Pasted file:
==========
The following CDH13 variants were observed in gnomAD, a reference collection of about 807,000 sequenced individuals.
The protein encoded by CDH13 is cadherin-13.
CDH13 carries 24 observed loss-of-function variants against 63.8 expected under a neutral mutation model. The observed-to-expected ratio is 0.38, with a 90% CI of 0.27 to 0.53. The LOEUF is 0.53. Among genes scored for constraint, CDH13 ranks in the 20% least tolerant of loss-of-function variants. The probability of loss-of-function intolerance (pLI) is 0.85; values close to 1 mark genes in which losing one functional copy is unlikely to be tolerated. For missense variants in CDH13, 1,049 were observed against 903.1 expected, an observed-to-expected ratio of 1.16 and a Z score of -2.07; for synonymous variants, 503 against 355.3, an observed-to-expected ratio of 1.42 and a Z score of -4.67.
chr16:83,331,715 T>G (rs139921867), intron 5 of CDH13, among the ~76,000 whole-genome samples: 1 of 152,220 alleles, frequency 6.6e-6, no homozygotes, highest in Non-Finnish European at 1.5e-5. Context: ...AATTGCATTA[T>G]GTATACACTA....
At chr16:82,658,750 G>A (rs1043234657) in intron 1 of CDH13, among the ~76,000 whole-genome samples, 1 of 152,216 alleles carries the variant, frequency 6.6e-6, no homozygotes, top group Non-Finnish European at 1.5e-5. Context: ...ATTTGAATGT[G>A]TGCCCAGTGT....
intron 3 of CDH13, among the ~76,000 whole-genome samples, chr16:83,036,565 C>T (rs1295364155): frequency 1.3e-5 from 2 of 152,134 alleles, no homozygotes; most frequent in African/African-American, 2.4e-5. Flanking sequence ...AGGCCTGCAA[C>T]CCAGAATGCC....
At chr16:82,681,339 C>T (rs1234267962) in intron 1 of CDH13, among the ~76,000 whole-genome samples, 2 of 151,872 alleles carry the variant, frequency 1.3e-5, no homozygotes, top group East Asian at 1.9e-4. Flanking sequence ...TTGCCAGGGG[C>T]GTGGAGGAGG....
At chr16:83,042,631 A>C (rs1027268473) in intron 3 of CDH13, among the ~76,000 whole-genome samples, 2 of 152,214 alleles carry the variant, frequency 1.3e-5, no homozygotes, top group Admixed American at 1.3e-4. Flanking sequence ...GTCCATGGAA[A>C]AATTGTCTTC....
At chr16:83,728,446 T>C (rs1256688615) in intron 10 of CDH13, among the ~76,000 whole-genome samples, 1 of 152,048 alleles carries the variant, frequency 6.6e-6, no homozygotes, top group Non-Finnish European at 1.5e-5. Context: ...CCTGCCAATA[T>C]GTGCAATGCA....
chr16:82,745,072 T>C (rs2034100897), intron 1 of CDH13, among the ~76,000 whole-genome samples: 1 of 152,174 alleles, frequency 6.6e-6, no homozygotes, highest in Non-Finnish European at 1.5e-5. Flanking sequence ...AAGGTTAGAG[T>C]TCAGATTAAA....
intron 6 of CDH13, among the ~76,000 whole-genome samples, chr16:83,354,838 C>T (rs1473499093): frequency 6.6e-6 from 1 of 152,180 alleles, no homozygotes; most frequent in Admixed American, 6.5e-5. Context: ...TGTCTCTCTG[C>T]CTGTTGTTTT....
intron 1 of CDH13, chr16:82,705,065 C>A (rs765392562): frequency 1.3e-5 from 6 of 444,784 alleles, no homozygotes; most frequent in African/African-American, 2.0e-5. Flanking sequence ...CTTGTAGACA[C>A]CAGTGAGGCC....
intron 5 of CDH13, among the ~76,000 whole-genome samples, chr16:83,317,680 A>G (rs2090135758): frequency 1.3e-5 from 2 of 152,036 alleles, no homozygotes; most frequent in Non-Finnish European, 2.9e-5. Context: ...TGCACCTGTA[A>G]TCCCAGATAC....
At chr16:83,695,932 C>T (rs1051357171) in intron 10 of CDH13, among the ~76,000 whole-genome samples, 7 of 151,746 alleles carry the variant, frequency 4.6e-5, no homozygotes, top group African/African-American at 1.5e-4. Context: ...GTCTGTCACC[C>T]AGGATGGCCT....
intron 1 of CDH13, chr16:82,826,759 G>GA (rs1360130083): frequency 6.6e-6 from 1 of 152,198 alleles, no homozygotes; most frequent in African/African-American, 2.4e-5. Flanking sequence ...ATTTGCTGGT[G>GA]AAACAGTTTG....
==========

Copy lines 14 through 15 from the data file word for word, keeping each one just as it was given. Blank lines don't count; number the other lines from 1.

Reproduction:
At chr16:83,695,932 C>T (rs1051357171) in intron 10 of CDH13, among the ~76,000 whole-genome samples, 7 of 151,746 alleles carry the variant, frequency 4.6e-5, no homozygotes, top group African/African-American at 1.5e-4. Context: ...GTCTGTCACC[C>T]AGGATGGCCT....
intron 1 of CDH13, chr16:82,826,759 G>GA (rs1360130083): frequency 6.6e-6 from 1 of 152,198 alleles, no homozygotes; most frequent in African/African-American, 2.4e-5. Flanking sequence ...ATTTGCTGGT[G>GA]AAACAGTTTG....